NEWS | Nov. 2, 2009

NAS Whidbey Island/NRNW Wraps Up IPP Guardian Exercises

By Mass Communication Specialist 2nd Class Tucker M. Yates, Navy Public Affairs Support Element West, Det. Northwest

OAK HARBOR, Wash. (NNS) -- Navy Region Northwest (NRNW) concluded a round of Installation Protection Program (IPP) Guardian exercises with the completion of a full-scale exercise at Naval Air Station (NAS) Whidbey Island, Oct. 27-29.

IPP Guardian is a Joint Program Exercise Office for Chemical, Biological, Radiological and Nuclear (CBRN) Defense exercise intended to test various base capabilities in response to an unknown CBRN threat that has the potential to endanger an installation's personnel, facilities and/or assets.

"The CBRN IPP mission is to help Department of Defense installations worldwide to be able to respond to a CBRN event and sustain itself between 12 and 24 hours, because it will probably take that long for state, local, and federal assistance to arrive," said Luis Negron, Continental United States IPP deputy.

"The program used crawl, walk, run phases of training. The tabletop is a discussion-based exercise, for functional awareness we have the leadership discuss decision-making issues they might have, and, for the full-scale, we actually run (the exercise)," added Negron.

The exercises conducted involved simulated releases of hazardous materials including chlorine gas at Naval Station Everett, Oct. 21, and a nerve agent, sarin gas, at NAS Whidbey Island. The installations involved were afforded the opportunity to test the proficiency of their procedures and equipment in mitigating a toxic event.

"(The installations) did great considering they didn't have any equipment 14 months ago. They got the equipment fielded and then went through a series of training events which led up to the full-scale exercise," said Herb Gould, NRNW Chemical, Biological, Radiological, Nuclear and Explosive coordinator. "We trained to ensure they had a level of confidence on the equipment for (CBRN) response. "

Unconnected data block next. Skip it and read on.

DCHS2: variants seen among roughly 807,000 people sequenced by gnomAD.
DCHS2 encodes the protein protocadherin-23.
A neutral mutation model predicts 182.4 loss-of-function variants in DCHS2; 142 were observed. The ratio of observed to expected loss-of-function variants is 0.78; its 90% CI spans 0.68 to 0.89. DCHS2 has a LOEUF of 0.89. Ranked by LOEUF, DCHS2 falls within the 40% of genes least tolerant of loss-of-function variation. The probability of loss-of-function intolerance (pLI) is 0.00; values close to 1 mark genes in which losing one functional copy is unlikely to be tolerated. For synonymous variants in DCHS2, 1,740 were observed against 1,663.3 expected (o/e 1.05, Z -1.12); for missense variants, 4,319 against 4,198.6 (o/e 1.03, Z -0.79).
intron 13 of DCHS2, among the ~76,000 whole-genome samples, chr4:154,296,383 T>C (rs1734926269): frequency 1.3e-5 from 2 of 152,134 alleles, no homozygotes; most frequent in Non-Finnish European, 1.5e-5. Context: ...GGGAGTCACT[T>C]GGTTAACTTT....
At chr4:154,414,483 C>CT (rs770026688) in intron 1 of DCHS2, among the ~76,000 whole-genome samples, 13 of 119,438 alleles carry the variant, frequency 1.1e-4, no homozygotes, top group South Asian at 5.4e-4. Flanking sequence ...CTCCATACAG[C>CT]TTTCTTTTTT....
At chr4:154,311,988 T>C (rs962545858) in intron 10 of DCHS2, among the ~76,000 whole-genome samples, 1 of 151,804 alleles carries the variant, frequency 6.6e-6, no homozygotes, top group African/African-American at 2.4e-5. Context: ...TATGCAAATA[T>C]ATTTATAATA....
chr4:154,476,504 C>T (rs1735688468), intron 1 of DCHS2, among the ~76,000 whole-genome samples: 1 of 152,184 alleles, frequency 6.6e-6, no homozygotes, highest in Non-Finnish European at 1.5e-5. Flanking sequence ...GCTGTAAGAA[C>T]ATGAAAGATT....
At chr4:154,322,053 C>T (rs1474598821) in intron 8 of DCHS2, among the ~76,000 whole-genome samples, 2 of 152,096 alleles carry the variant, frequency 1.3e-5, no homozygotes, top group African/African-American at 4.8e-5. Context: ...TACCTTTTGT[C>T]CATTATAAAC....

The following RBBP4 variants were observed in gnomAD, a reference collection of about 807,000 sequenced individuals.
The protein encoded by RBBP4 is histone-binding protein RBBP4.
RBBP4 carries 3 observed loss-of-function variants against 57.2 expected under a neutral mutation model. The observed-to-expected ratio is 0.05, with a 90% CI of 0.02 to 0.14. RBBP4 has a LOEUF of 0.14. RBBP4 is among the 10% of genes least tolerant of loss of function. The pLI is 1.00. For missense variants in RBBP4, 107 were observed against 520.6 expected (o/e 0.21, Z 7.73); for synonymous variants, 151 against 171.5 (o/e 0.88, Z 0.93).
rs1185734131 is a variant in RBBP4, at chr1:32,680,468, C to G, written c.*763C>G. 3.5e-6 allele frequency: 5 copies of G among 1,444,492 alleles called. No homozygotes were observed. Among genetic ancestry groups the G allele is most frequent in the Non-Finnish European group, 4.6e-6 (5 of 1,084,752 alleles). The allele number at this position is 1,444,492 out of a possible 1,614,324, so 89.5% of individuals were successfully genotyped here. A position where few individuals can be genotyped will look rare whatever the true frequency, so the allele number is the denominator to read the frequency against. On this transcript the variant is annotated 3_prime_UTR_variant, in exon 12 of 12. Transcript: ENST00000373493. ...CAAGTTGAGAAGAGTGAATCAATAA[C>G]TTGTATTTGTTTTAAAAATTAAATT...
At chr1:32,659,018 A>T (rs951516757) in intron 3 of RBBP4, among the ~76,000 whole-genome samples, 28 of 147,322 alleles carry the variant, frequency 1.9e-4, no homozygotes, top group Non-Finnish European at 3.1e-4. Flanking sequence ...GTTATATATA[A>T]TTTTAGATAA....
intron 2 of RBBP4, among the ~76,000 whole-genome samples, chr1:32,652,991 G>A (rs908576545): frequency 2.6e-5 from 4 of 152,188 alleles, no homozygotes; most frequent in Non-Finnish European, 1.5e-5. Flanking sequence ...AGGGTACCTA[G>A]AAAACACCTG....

"It was truly a testament to the training that's been done up to this point that I could step in, and, not really having the expertise that the operations officer has, effectively fill that role. All the players were able to teach me as we went, and we were able to respond appropriately," said Cmdr. Werner Rauchenstein, NAS Whidbey Island assistant operations officer, who performed as the acting operations officer for the exercise.

According to Gould, steps are being taken to develop an after action report which will be used to implement a training program for these installations to ensure the perishable skills acquired over the course of these exercises will be retained.

"This is not the end. This is just the beginning, and now we've got a baseline but still a lot of work ahead to make sure fire, security and the medical folks are all on the same sheet of music when we have an event. That's crucial for success in any CBRNE event; that's the way ahead," said Gould. "I'm highly confident that our installations can handle a CBRNE event right now, and my plan is to sustain those skill sets for those first-responders on all installations. I feel my responsibility to the region is to ensure that they have those skill sets on the equipment. I think we're on the right track for success. "

Communication and coordination efforts and learning the responsibilities of the entities involved are an integral part of hazard response according to Negron. Some participants learned that these processes can also be applied to day-to-day operations to improve preparedness.

"Besides responding to a CBRN event, in the process of learning how to do this, we also learned how to train. We learned how to communicate to each other both what we need to continue doing well and what we need to work on," said Rauchenstein. "Two days ago we were all doing our job to the best of our ability and doing a great job. Today, I recognize that we're not just doing our jobs, but working together effectively and communicating to not only make the air station run well, but be able to respond to natural and man-made disasters. "

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